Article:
The next day is British Prime Minister Theresa May’s chance to face the camera, and like one of the candidates vying to take the prize at the end of an Apprentice series, set out her vision for a British exit from the European Union. Look for her to enumerate the many benefits a newly divorced Britain will have for British businesses, which are rightly spooked by the uncertainties of Brexit, and for the same multinationals Macron is trying to lure to France.
At the end of it all, as if to maximize the suspense, Trump’s stage appearance is scheduled for Friday afternoon, usually the lightest day of the confab, when many participants head home or carve a few turns on the slopes. Having Trump effectively close the festivities extends the life of the forum – another trick from the reality TV playbook.
That may be a savvy commercial choice. But it’s not without risk. In the Celebrity Apprentice version of reality, the finale always leads to the selection of a winner. And there is only ever one – the rest are, to use the Trump vernacular, losers. That sums up the president’s world view. For someone to win, everyone else must lose, whether in business, trade, diplomacy or security. This is what drives Trump’s “America First” thinking.
For all its many faults, that has never been the vision of the WEF and its fabled Davos men (and, now, women). Look no further than the title of this year’s shindig: “Creating a Shared Future in a Fractured World.” As the WEF warns in the preamble of the 2018 program, “citizens yearn for responsive leadership; yet, a collective purpose remains elusive.”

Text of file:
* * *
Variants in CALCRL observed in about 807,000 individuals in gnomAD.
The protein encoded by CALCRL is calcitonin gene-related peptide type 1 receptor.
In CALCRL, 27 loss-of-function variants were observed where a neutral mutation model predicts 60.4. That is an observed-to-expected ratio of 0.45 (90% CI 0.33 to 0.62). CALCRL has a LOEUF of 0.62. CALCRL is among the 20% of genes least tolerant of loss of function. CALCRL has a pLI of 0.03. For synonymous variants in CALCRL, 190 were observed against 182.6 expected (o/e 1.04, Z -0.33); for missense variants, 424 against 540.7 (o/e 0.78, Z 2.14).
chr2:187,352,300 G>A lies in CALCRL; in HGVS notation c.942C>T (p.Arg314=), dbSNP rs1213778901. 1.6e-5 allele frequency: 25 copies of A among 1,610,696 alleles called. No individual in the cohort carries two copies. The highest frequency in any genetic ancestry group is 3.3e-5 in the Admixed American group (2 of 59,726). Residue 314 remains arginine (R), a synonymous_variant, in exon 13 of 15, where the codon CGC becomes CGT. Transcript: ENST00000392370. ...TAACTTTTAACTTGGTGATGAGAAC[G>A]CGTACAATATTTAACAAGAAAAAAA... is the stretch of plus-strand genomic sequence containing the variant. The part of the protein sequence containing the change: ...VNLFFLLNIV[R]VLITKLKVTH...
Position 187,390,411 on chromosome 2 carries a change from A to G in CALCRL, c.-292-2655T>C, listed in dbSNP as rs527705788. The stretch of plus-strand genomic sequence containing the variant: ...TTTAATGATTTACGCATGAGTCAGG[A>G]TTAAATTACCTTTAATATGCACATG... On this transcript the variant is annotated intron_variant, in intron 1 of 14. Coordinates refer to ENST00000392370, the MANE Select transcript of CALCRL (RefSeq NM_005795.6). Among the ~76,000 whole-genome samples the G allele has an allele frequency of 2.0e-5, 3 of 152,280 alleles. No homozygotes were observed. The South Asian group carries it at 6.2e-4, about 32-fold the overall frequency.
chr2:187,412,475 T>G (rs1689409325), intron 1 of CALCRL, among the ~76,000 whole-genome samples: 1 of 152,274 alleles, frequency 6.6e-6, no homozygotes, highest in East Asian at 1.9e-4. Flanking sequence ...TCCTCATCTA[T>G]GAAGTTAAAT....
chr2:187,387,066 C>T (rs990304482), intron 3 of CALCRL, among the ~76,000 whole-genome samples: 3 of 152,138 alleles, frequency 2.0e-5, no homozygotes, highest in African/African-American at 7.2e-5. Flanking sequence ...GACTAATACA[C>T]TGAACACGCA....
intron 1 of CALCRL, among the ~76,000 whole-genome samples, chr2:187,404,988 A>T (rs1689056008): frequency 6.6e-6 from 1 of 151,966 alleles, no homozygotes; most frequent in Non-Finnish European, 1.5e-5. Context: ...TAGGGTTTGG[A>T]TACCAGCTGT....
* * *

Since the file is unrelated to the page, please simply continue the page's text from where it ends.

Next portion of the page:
The premise of the Apprentice is that business, or indeed life, is a sort of zero-sum game. It explains why Meat Loaf exploded with rage at Gary Busey: he stole his paints. At the end of each show, Trump could send Meat Loaf or La Toya packing with a terse “you’re fired.”
At Davos there is no single body to adjudicate. Choosing a winner will be a collective decision by the globalist participants: politicians, executives and, yes, many billionaires long on lip service but still too short on action about fairness and equality. They can roll with, or co-opt a version of Trump’s inward, isolationist gaze. Or they can resist, and embrace policies that lift all boats and do not beggar their neighbors. They can promote free and fair trade and foster multilateral institutions encouraging best practices, competition and innovation.
Just because Trump is set to get the last word at Davos - if he shows up - doesn’t make his views ascendant. Indeed, one of the standard plot lines of reality television is the emergence of a tendentious bully who galvanizes the other competitors, forcing them to work together. If that is the outcome from this year’s elite gathering, perhaps the European Union, World Trade Organization and NATO will have reason to thank Klaus Schwab for treating world leaders like, well, Meat Loaf.